Obama’s Budget Eliminates Funding for Abstinence Education

National   |   Steven Ertelt   |   Apr 10, 2013   |   4:44PM   |   Washington, DC

President Barack Obama has done it again — eliminating funding for abstinence education from his budget he released to Congress today.

Today, President Obama sent his proposed FY 2014 budget to Congress. In an unfortunate, but predictable move, the budget calls for the elimination of discretionary funding for Sexual Risk Avoidance (SRA) abstinence education.

According to an analysis from the National Abstinence Education Association, the budget directs the US Department of Health and Human Services to repurpose a portion of the Congressionally-established Title V state block grant for abstinence education to yet another new program that focuses on contraception rather than on avoiding all risk.

The NAEA tells LifeNews President Obama does this by using Title V funds for programs that are not compliant with the Congressional definition for abstinence education is a violation of congressional intent and therefore, outside the authority of this budgetary directive.

The FY 2014 budget will only increase the current 1:16 funding disparity between SRA abstinence education and so-called ‘comprehensive’’ sex education. This is despite the fact that polling shows parents, regardless of party, strongly support abstinence education.

NAEA indicates nearly 7 in 10 Democratic parents would like to see more equality in funding for abstinence education and almost 60% specifically oppose the president’s efforts to eliminate SRA funding.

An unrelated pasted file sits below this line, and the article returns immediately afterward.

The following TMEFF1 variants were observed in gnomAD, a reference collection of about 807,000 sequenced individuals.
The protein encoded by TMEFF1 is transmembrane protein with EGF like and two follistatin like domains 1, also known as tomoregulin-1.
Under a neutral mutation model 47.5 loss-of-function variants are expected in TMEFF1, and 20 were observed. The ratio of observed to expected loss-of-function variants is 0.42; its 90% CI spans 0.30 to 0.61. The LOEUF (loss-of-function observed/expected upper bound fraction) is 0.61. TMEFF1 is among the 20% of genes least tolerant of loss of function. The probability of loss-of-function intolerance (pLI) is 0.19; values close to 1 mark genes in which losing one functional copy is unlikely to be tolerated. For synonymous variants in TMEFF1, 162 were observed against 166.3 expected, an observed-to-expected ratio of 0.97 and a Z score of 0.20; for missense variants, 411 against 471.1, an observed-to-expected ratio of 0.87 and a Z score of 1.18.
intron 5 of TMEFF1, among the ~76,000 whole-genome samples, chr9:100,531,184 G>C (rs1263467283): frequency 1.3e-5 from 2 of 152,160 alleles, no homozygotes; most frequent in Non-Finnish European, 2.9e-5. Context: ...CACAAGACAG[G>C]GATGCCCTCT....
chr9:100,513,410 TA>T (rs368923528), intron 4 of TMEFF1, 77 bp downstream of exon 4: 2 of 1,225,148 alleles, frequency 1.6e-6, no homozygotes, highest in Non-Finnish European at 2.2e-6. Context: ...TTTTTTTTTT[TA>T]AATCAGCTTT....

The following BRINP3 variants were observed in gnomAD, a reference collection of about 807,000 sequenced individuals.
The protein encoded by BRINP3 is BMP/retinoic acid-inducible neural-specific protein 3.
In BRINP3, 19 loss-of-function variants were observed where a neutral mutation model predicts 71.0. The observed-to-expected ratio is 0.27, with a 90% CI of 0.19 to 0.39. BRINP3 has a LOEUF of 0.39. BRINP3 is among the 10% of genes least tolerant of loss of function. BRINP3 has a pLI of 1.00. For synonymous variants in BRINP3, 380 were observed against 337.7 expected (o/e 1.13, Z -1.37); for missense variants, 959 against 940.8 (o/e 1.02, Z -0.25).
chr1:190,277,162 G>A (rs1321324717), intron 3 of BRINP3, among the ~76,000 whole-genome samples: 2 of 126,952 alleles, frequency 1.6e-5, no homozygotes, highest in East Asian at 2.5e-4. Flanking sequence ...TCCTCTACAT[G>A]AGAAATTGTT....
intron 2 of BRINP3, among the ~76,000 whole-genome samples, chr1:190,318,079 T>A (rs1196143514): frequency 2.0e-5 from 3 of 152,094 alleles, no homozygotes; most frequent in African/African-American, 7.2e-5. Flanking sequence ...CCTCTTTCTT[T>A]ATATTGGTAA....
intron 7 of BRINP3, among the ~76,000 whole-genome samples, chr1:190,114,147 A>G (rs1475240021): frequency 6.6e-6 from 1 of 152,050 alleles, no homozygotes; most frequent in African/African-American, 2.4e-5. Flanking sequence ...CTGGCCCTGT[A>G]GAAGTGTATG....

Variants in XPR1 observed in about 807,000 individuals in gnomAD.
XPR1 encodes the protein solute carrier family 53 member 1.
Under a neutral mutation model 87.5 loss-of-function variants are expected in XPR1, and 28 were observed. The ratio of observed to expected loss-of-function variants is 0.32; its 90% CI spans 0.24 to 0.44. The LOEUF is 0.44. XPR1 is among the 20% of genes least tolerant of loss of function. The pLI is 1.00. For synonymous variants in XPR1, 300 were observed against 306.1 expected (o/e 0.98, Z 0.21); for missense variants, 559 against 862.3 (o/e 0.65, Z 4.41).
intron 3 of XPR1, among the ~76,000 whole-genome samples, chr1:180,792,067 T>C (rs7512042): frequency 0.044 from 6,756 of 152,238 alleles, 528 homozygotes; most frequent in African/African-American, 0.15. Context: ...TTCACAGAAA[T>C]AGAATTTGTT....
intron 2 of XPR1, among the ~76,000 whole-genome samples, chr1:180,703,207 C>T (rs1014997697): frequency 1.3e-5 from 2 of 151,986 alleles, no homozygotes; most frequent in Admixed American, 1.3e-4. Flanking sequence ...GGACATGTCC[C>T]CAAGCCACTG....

Valerie Huber, President/CEO of NAEA states: “The President’s move to eliminate Sexual Risk Avoidance (SRA) abstinence programs is completely out of touch with what his base wants, what parents want, and what is in the best interest of America’s youth.”

“In addition, since nearly 75% of teens targeted for sex education classes (age 15-17) are not sexually active, one would expect federal sex education policy to reinforce these good decisions and encourage more teens to make the same healthy choices. Sadly, the President’s recent budget ignores these compelling facts in favor of making a wrong-headed policy statement that serves the narrow agenda of  special interest groups,” she said.



Huber says research shows that students benefit from abstinence programs, regardless of their sexual experience, or lack thereof.  Students in successful SRA programs are more likely to delay sex than their peers, and if they are sexually active, have fewer partners and are no less likely to use a condom.

Huber continues: “It’s troubling that the President would want to prevent students from receiving the encouragement and skills to avoid sexual risk.”

NAEA calls on Congress to ignore the President’s sex education policy recommendations and instead choose the common  sense position of supporting SRA programs and the positive results they are achieving among youth.